a dimensionless temperature, T, defined as the
thermal energy of the system divided by the bonding energy of a particular interaction. A previous
study measured the Gibbs free energy of hydrogen
bonding between hydrated strandlike peptides to
average 2.6 kcal/H-bond/mol (27). For links consisting of 3 to 8 H-bonds at 10°C, T = 0.08 to 0.03. This
estimate of T applies to the 100 and 80% radius
region of the lens, where linkages between proteins
are primarily between disordered loops.
At radial positions less than 60%, proteins form
ramifying lamellae and then a proteinaceous material with no bulk water. These structures are
consistent with patchy systems in which patches
have become so large and/or numerous that their
interactions approach those of isotropic, spherical
particles (Figs. 3D and 4D). Here, the energies of
protein-protein binding are likely similar to those
involved in protein docking, in the range of 10 to
20 kcal/bond/mol, so the lower bound for T for
these interactions is ~0.01 (28).
Our data show that at all radial positions and
every possible density, structure in the intact squid
lens are dominated by attractive interactions between S-crystallin dimers, a result that is inconsistent with isotropic potentials, because these
systems will undergo liquid-liquid phase separation and opacification at some point (29).
From a materials perspective, this lens could
in principle be built from a single mixture of particles with M slightly greater than two, since any
system to the right of the spinodal line for <M> =
2.1 in the patchy colloid phase diagram may form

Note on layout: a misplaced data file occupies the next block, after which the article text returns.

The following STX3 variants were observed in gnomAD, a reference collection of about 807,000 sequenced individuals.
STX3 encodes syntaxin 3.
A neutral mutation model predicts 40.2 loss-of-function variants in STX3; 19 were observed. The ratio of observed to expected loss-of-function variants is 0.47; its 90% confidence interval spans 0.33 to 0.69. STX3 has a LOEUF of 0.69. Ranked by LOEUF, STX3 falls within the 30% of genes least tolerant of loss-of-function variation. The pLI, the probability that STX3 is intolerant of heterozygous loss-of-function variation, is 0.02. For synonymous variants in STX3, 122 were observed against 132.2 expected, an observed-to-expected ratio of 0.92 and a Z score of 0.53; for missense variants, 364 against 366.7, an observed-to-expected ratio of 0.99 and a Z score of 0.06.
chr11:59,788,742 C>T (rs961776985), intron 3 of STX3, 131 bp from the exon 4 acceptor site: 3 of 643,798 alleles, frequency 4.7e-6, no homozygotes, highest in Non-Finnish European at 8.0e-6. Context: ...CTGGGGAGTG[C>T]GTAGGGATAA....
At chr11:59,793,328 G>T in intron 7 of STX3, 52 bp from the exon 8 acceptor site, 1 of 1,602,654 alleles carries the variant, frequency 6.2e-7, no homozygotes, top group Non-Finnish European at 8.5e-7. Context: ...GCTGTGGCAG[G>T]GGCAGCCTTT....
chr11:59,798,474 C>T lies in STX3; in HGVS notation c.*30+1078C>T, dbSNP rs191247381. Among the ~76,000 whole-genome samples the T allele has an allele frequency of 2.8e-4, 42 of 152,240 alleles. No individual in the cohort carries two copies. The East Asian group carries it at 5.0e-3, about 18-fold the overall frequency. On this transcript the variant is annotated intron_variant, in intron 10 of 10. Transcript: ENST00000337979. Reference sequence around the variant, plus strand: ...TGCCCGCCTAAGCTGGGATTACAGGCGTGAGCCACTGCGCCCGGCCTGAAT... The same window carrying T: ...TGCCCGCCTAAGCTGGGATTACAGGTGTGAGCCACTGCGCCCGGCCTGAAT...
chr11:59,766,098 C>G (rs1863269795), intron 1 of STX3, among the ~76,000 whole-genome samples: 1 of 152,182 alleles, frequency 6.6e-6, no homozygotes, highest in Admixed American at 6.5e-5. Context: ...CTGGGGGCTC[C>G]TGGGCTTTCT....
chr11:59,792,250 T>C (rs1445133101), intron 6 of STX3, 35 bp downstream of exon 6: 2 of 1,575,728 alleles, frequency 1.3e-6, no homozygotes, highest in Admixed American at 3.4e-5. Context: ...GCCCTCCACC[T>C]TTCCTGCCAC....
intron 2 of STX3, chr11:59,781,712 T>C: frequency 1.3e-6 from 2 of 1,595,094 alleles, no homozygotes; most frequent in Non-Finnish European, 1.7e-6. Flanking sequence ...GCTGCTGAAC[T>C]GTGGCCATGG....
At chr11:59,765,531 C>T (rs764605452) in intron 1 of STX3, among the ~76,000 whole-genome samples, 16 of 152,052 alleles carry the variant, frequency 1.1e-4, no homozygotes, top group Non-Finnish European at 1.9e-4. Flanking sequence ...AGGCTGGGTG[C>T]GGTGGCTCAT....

a volumetric material with low density variation.
However, our data show that <M> changes monotonically with lens radius, from a minimum near
two in the periphery to a maximum near six at
the core of the lens.
There is a biological rationale for the lens evolving an array of <M> rather than simply using one
mixture with <M> ≈ 2.1 at many different densities. New lens cells must be filled gradually with
protein through the process of mRNAs and amino
acids diffusing to large ribosomes, with full-length
proteins then diffusing away from the ribosome.
In any cell whose proteome-determined <M> allowed for gelation at a density lower than the
appropriate endpoint for a given radial position,
protein synthesis would be arrested prematurely.
Patchy colloidal physics allows for a cellular mechanism by which lens cells gel near the optically
appropriate endpoint density for a given radial
position. The cellular transcriptomes systematically
titrate S-crystallin isoforms as <M> changes as a
function of lens radius. We hypothesize that a cell
then passively ceases protein synthesis at the appropriate density, because upon gelation, protein
synthesis would simply stop due to inability of
large polymers (mRNAs and newly transcribed
protein) to diffuse through the material.
Given that, in principle, one protein sequence
could encode one valence in the lens, requiring
a minimum of six S-crystallin sequences, there
were a large number of unique S-crystallin se-
quences encoded by the genome, and the loops
encoded by these sequences that form the link-
ages between proteins also had high chemical
polydispersity. We speculate that this high degree
of polydispersity in loop sequence and subsequent
linker interaction dynamics may both avoid kinetic
traps during nucleation and reduce the entropic
cost of forming a volume-spanning network (30).
This set of linker sequences generated by evolu-
tion may then help inform experimental attempts
to exploit the self-assembly principles revealed by
patchy particle theories.
We observed that the difference between the
original density of the lens and the density of the
pellet formed from low effective temperature bonds
increased from near zero at the periphery to a